What brands want from Union Budget 2019
As Finance Minister Nirmala Sithraman is set to present her maiden Union Budget on Friday, brand heads tell us more about their expectations from Budget 2019
Finance Minister Nirmala Sithraman will be presenting her maiden Union Budget on July 5th. The much-anticipated budget of the newly elected Narendra Modi government is said to focus on rural and social schemes. According to reports, the budget is also said to focus on the factors that will amplify domestic consumption and to help micro, small, and medium enterprises.
We caught up with few brand heads to know what their expectations are from Union Budget 2019
TS Kalyanaraman, Chairman & Managing Director, Kalyan Jewellers
We are hoping for a reduction in the import duty on gold from 10% to 4-5%. This would help buoy up positive business sentiments, and a cut in the duty structure will ultimately benefit the consumer. A step in this direction will also promote the import of gold through legalized channels resulting in increased revenue for the government.
We look forward to organized jewellery retail chains playing a more pro-active role in the Gold Monetization Scheme which would help the government reach its targets of mobilizing gold from consumers across the country.
Jewellery purchase through EMIs is another option that we would like the government to look into.
Arjun Ranga, Managing Director, Cycle Pure Agarbathies
Over 90% of India's workforce is currently unskilled and are directly employed within the FMCG sector. In order to promote employment and increase incomes, we hope the new budget will bring tax benefits for companies employing the rural and unskilled workforce. An overall reduction on corporate tax rates will prove to further promote and benefit the FMCG sector.
Higher allocations to improve and maintain transport infrastructure coupled with a reduction in tax on petroleum products will reduce the cost of logistics drastically. Low-cost finance for small traders will ensure higher liquidity in the FMCG sector.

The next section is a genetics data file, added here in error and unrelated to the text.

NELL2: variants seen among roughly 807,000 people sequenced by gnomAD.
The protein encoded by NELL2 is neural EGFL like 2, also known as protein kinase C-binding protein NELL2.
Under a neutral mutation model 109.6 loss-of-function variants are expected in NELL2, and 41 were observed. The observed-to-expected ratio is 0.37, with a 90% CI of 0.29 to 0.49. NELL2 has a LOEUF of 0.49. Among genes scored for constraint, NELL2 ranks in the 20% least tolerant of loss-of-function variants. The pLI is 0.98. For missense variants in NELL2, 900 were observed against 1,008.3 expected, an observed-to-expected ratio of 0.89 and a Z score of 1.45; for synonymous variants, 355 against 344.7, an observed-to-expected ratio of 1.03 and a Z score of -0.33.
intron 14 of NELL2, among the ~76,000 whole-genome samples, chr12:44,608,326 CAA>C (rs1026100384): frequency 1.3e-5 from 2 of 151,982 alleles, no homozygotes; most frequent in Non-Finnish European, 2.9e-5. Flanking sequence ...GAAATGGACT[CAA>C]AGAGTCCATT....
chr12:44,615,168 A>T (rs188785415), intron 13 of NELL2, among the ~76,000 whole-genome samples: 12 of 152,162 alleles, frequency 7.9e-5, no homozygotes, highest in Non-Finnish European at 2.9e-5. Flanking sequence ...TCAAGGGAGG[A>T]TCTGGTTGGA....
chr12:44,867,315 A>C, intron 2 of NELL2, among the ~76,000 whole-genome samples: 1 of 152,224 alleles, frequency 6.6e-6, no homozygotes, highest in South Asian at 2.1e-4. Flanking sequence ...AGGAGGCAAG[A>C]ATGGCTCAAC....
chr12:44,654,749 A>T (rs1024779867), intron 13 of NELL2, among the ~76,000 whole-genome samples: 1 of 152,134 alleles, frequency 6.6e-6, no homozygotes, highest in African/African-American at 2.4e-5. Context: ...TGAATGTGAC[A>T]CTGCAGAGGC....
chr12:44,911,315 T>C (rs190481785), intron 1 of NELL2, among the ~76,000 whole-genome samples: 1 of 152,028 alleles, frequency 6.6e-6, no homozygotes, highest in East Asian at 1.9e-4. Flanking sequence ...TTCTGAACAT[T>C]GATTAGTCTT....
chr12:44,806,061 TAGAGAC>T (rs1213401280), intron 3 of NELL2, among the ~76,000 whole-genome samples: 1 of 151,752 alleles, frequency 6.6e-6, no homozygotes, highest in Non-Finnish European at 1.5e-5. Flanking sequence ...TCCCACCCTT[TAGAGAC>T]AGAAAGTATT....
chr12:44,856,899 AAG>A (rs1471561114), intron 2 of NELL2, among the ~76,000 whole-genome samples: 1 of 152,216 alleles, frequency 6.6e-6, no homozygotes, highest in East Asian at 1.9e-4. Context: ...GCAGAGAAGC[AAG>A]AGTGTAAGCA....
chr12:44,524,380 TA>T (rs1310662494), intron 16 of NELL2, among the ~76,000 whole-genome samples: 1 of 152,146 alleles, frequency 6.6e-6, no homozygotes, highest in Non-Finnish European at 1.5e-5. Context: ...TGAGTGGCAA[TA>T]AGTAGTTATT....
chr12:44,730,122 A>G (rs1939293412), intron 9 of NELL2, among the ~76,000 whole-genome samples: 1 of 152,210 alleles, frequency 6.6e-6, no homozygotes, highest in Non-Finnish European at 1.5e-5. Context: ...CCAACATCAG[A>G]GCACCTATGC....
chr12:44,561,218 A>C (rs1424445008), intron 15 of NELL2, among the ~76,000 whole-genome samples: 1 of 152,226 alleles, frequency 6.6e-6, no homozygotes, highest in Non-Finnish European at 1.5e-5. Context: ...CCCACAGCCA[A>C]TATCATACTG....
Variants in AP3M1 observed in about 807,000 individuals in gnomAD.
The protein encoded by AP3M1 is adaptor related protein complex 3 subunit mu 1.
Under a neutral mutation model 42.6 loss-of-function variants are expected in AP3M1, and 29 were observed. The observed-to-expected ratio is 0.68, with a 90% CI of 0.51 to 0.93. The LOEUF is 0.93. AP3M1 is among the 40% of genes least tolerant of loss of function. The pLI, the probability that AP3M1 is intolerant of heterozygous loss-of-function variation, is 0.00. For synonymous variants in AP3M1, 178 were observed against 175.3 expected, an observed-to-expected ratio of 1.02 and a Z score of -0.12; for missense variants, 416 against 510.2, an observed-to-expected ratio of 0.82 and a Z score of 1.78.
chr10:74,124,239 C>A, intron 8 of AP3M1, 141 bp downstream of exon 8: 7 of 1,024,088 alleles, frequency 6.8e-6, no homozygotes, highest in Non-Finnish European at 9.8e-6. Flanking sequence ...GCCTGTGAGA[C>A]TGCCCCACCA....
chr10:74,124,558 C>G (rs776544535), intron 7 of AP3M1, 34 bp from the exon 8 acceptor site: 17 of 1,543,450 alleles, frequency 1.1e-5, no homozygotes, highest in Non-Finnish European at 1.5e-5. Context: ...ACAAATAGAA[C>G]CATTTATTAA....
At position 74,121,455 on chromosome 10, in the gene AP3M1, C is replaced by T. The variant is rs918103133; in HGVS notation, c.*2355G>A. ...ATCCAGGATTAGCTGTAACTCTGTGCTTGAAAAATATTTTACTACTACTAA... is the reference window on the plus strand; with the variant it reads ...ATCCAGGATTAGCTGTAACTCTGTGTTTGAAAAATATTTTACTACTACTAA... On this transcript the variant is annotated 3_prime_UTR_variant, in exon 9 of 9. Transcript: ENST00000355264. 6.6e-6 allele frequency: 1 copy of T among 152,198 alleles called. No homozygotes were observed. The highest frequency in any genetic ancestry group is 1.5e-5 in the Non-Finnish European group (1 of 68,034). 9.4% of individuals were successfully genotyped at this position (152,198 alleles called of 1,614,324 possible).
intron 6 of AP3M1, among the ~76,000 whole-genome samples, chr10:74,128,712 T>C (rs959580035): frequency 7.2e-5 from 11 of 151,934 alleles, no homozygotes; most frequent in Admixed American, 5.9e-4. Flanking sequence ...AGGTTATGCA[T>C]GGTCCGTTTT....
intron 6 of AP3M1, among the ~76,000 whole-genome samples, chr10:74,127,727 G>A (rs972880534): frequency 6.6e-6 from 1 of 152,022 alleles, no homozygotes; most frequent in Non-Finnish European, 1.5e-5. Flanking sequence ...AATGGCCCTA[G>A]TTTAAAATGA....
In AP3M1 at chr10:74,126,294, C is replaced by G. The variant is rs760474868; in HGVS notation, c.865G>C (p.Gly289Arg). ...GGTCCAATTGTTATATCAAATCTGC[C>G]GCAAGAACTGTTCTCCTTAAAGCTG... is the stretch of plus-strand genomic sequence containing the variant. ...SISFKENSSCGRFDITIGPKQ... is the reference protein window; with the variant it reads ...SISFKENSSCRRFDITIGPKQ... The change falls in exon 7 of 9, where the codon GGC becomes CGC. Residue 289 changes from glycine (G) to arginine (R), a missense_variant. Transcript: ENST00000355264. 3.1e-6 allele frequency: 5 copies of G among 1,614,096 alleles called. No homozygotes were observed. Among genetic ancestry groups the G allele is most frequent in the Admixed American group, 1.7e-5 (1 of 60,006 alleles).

Ashutosh Vaidya, CMO, Kurl-On
Speaking from an industry point of view, one of the largest correlation factors to the growth of the mattress industry is housing. The government should bring in more policies and schemes in the affordable housing sector. The deduction in housing loan interest should also be taken into consideration. Another need of the hour is a reduction in GST on coir products, currently, the GST on coir products is 18 per cent. We expect it to be slashed down to 8 per cent.
V K C Noushad, Managing Director, u4ic International Pvt Ltd
As a member of the Confederation of Indian Footwear Industries (CIFI), we look forward to support from government on following specific areas to help the Indian footwear manufacturers. Some of our demands are:
1. Extending 5 per cent tax structure for footwear with sale value up to Rs 2000 from the current Rs 1000, as represented by the Council for Leather Exports
2. Reduction in taxes on footwear components from the current 18 per cent to 5 per cent in line with an applicable tax on the end product
3. Under inverted tax structure, refund eligibility for input tax credit on input service have been excluded from the net input tax credit calculation. These need to be re-instated
4. Current refund procedure in GST is part manual and part online. This industry being predominantly under inverted tax structure, we would like to see the refund moving completely online so that MSMEs in the sector would get the much-needed relief with respect to working capital requirements
PC Musthafa, CEO and Co-founder, iD Fresh Food
My expectations from the Union Budget 2019-2020 includes:
1. Higher spending on organic framing
The upcoming budget needs to increase public expenditure on organic farming - which, in turn, will help with higher yields, better soil benefits and lower long-term cultivation costs. Not to forget, the proven ecological and health benefits. The government ought to invest in infrastructure like irrigation and seeds to increase farm productivity as well as incentivise investments in technology. The right ecosystem will inspire more startups to join hands with farmers to make organic farming truly successful in India.
2. Collaborating for sustainable food packaging
The government needs to look at innovative solutions for making environment-friendly packaging materials that are also commercially viable. The need of the hour is to reach out to businesses who can provide technical expertise and logistic support for finding a greener alternative to plastic. Collaboration is the key.